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Wednesday, September 18, 2019

Highway to Hell


The Cordiers moved from Miami, Florida to Wyoming in 1998 with their three kids, Charlotte (Class of 2000), Pauline (Class of 2004), and Martin (Class of 2007).

After studying in Montréal, Canada, they all three still live there. Their parents stayed in Wyoming where they started their own businesses: Brigitte caters with “Simply French Cuisine” and Antoine consults with SAP. You might have seen both Brigitte and Antoine running along the streets of Wyoming few times a week, for the past 20 years, anytime of the day, rain or shine. 

Antoine Cordier of Wyoming completed the Marathon des Sables in the Sahara Desert of Morocco in 56 hours!
Marathon des Sables
Now, maybe, you heard of Cactus the dog who ran the Marathon des Sables (Marathon of the Sands) in the Sahara Desert (one of the toughest foot races on Earth in the southeast corner of Morocco) in April 2019. Or of Amy Palmiero-Winters who became the first female amputee to complete it.

However, I am sure you never knew that Antoine ran it as well. 
The 34th Marathon des Sables (April 5 to 15, 2019), was a foot race with seven stages over a distance of about 150 miles. Each participant carried his/her own backpack containing food, sleeping gear, and other material. Water was supplied by the organization, just enough to eat and drink (no shower or else for the duration of the race). “My backpack weighed 17.4 pounds without water.”

A satellite GPS device (carried in the upper section of the runners’ backpacks) broadcasted his position, which immediately appeared on an online web platform, so both his followers and the organization could follow his race in real time. “Therefore, I got a lot of support from family and friends (from the Yoga Leela and the WYCOCO) as they were following me and sending me emails that were distributed in the tent at the end of the day.”

This birds-eye view of the tents gives an idea of the remoteness and intensity of this marathon. 
Runners from 51 countries participated this year and slept in around 100 tents (just a rug on the floor and a tart on wood poles). Every runner was sleeping under the same tent for the duration of the race. Antoine added, “my was tent number 49, which I shared with seven other people, including a cousin and a friend Pierre living in Cincinnati.” Tents were removed at 6:00 a.m. and each race morning started at 9:00 a.m.with the ACDC song “Highway to Hell” played at the starting line.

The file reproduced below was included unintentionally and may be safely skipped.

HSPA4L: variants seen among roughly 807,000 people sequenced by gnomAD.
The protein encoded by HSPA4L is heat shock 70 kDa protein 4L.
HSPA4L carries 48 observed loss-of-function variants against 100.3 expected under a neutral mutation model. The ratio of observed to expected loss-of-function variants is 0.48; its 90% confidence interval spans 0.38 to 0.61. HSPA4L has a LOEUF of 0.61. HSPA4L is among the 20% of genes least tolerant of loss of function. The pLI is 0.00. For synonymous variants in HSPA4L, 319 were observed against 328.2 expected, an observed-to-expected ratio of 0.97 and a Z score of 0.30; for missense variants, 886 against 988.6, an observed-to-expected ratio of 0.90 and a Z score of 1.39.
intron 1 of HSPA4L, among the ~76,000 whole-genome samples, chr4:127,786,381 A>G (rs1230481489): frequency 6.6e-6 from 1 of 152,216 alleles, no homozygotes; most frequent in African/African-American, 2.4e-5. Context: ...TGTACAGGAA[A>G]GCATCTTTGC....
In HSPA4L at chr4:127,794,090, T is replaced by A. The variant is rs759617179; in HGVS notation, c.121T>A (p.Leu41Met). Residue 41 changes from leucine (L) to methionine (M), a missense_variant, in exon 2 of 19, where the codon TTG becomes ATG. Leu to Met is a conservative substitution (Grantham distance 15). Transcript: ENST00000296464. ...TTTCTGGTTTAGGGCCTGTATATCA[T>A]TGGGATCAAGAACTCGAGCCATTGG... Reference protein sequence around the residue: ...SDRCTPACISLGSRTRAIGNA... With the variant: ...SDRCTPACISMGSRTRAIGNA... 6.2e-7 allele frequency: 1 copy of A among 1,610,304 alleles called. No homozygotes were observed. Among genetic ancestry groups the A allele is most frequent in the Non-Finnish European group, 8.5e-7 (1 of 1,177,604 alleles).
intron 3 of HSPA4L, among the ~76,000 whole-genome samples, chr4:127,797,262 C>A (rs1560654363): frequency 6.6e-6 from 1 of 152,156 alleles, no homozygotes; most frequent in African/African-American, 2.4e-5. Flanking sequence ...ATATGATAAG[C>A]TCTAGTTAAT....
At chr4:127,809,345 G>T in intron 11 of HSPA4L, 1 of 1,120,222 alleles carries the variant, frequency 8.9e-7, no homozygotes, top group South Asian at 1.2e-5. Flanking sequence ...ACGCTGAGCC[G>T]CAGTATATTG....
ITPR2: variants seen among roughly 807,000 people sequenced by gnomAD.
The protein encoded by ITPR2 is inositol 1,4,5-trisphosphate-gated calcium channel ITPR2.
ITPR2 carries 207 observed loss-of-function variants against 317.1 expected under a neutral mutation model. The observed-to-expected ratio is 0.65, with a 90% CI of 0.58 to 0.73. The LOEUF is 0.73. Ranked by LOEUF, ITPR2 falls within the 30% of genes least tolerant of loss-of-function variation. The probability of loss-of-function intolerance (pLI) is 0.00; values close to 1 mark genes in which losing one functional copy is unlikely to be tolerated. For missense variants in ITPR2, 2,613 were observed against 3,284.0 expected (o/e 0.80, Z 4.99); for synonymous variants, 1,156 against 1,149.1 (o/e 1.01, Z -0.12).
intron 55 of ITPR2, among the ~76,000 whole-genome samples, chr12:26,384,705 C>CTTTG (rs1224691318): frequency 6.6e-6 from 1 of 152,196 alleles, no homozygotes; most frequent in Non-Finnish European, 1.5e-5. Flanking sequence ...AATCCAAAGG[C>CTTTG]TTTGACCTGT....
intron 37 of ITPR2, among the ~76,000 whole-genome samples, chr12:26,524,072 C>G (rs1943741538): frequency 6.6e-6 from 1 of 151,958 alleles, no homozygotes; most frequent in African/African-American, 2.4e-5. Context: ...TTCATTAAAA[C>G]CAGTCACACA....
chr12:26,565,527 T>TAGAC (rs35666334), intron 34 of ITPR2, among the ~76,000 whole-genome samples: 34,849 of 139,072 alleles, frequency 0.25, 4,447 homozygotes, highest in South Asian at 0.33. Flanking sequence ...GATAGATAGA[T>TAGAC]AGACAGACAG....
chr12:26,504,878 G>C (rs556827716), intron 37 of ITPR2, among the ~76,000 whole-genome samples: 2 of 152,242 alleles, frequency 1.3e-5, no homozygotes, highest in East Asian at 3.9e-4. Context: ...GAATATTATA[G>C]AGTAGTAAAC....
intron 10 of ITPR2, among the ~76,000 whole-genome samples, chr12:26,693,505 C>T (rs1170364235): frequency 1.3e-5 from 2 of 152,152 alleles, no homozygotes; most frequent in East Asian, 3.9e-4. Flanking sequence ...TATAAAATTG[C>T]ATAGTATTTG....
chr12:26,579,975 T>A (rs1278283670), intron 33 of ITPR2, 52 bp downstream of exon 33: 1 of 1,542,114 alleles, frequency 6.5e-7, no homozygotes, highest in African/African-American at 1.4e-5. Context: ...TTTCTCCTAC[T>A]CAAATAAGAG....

A support organization of around 450 members were caring for the runners, including a team of 50 medics and nurses. 

Stage two of the race was an eight-mile hike across the Merzouga dunes. 
Per Antoine, there are two qualities a runner needs to make to the end “physical and mental endurance. I trained in Wyoming and Sharon Woods with my loaded backpack. And did yoga twice a week for stretching.”  

What about the feet? 
“I got blisters starting day one, therefore I joined the crowd of runners going to the nurses at the end of the day to get them fixed, so the next day we were all back on the starting line!”

So, would he do the Marathon des Sables again? 
“Yes, sure. I loved to be in the middle of the Sahara beautiful landscapes (The Gladiator, The Mummy, and a lot of other movies were filmed there), among runners sharing the same goal and efforts, and taking a full break (no phone, no internet, and no politics) from my daily life!”

Antoine completed it in 56 hours with few blisters, one I.V., few hours of sleep, and some pounds forgotten along the way. 783 runners were at the start, 752 completed it!
Congratulations to Antoine, and thanks for sharing your story!
The view from Antoine’s tent was a welcome sight after a long day. 

Caught on the live feed, Antoine was pictured on the right, with his cousin to his side. 

Running down the dunes was hard work. 

Antoine, second from the right, as he ran the race. 

The contents of Antoine’s backpack were only the bare necessities.

Antoine was awarded this medal for his race.

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